Last week Microsoft announced that there has been an attack on their widely used Exchange email service which has affected thousands of businesses worldwide. (Exchange is an on-premise email system made by Microsoft and very popular amongst businesses who use it to send and receive emails).
Official statements from Microsoft suggest that this hack began in January this year, with the culprits (apparently agents working on behalf of the Chinese Government) having gained access to the servers disguised as someone who should have had access and deploying ‘web shells’ to use as backdoors into the systems. Their aim to steal sensitive data from larger corporates or government agencies.
The breach was announced alongside a launch for the patches that will fix the vulnerabilities, which has resulted in a surge of free for all attacks due to more widespread knowledge of the exploit. Whereas they believe the initial breach to have its origins in China, it seems that more local criminal gangs are now taking advantage of small and medium sized business, such as Veterinary Practices, that are unaware of the issues that may be caused. In essence by announcing the flaw and subsequent patches, Microsoft have opened up a hacking free for all whilst businesses scramble to fix the problems.
The National Cyber Security Centre (NCSC) has estimated that in the UK 7,000 servers have been affected, of which more than 3,000 are still at risk. This means that if your practice uses a Microsoft Exchange Server it’s more than likely that you have been affected by the recent hack.
Paul Chichester the director for operations at the NCSC has stated that they “are working closely with industry and international partners to understand the scale and impact of UK exposure, but it is vital that all organisations take immediate steps to protect their networks".
In reality the big businesses affected in the UK will be aware of the hacks, and taken steps to complete the security patches, scanned for and removed any malware in place. But the real worry is for the small and medium sized businesses like Veterinary Practices that do not actively follow security news and might not even be aware of the issue. This will probably mean that the hack will be extensive and far reaching and we wont have the figures to be able to understand the full impact for quite some time.
If you are concerned that your practice might be affected, then we’d suggest you contact your IT support company, who will be able to identify your risk. But as a hard and fast rule if your practice utilises Microsoft Exchange Server versions 2013, 2016 and 2019 then you will want to start patching immediately and consult a security expert to scan your systems.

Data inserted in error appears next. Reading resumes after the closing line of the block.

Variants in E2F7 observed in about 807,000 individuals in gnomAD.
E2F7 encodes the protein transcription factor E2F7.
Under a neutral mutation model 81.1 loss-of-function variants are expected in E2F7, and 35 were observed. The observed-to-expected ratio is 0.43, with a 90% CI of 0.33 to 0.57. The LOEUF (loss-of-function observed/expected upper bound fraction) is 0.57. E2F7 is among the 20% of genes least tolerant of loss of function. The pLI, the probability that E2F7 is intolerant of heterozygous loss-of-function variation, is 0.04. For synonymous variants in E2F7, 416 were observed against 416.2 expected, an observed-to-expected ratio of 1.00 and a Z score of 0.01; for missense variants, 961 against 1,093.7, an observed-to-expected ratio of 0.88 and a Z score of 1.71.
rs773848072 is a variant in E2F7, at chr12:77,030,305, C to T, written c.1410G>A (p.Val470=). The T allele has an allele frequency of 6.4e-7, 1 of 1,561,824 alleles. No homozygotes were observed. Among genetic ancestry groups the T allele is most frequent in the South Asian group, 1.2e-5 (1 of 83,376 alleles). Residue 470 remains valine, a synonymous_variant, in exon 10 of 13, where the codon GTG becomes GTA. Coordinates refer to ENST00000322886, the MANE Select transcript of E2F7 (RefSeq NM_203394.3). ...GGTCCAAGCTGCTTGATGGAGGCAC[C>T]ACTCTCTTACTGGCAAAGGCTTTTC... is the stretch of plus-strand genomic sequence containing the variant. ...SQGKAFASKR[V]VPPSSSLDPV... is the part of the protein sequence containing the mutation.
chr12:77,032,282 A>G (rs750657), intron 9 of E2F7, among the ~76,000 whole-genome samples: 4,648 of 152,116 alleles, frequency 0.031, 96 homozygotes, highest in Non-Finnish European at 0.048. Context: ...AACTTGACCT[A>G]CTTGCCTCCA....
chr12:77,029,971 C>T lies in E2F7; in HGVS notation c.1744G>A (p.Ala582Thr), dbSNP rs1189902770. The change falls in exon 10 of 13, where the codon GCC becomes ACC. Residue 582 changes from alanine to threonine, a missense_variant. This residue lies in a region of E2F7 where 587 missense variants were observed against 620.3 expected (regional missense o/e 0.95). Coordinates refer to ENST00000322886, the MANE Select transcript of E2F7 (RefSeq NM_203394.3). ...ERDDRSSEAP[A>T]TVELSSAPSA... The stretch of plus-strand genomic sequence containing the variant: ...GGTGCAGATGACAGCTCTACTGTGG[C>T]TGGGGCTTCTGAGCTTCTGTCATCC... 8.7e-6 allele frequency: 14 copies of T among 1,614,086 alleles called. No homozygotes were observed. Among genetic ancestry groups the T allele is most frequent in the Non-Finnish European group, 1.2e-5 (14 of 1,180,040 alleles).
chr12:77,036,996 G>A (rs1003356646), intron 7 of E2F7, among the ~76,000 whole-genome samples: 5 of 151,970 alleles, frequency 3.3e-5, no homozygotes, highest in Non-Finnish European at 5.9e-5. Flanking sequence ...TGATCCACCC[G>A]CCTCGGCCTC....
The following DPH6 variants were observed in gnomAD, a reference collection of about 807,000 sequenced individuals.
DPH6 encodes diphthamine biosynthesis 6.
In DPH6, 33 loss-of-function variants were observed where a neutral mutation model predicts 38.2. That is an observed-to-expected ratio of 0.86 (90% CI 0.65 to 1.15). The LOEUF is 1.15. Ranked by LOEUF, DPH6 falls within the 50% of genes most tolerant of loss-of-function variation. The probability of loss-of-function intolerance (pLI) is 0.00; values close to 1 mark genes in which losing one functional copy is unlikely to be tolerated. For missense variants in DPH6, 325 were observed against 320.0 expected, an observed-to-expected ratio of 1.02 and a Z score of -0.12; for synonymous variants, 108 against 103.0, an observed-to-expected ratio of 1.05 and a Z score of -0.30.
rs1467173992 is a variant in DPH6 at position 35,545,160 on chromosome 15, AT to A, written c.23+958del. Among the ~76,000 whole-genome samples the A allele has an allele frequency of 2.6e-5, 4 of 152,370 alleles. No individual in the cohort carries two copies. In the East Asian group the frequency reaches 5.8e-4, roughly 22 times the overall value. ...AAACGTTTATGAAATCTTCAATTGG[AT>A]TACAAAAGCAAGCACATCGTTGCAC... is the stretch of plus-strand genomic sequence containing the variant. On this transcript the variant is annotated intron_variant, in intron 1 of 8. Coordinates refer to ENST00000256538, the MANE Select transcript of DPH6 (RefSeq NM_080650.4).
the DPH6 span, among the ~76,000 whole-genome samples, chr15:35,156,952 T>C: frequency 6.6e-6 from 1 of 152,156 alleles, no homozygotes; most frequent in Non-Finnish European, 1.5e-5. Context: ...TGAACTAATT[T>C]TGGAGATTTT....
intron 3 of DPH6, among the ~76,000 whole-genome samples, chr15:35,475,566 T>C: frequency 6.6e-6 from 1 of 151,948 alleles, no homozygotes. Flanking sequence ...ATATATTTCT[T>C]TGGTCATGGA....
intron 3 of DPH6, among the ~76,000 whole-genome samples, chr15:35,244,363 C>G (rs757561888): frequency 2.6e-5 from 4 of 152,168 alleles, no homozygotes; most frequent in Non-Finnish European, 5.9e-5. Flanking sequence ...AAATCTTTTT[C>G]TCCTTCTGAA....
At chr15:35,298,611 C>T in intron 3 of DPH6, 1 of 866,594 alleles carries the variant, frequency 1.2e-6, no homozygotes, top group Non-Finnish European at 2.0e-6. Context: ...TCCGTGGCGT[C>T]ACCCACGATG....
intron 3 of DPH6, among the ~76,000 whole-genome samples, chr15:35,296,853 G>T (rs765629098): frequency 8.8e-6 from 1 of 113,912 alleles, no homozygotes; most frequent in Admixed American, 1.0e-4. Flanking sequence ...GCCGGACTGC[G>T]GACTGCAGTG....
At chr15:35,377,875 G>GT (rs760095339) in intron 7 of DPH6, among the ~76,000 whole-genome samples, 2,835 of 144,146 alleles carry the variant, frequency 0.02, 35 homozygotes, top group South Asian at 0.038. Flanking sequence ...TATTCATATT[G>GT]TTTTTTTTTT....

If you are using Microsoft Exchange Online or Microsoft 365 then you will not be affected, and no further action will be required.
We get that IT updates just aren’t a priority when compared to ensuring that the x-ray machine is up and running or fixing the sterilizers as these are critical to your practice functioning and the care you give to our furry friends on a daily basis.
But we are here to tell you that there are multiple levels of risk that out of date and comprised software poses to your practice. We’ve listed below the ones we most commonly see across the veterinary industry as a whole:
All of these can have a serious damaging effect on a veterinary practice, especially downtime. We know first-hand just how catastrophic a complete system outage can be for a practice, which is why it’s imperative that your practice is doing everything to avoid this happening.
Simply put, if you are using this compromised software, your practice is extremely vulnerable. And as smaller businesses are being targeted you simply cannot rely on the safety of anonymity.
The security of your practice should never be taken for granted, and small things like updating your software might seem low on your priorities when dealing with a medical emergency but these actions can have a vast impact on your practice’s data security and ability to continue to offer patient care.
If you are using Microsoft Exchange in your practice or are concerned that your practice might have been affected by this hack, then please do get in touch. Our team of Veterinary IT Experts are on hand to help and will work alongside your team to ensure that your practice remains safe.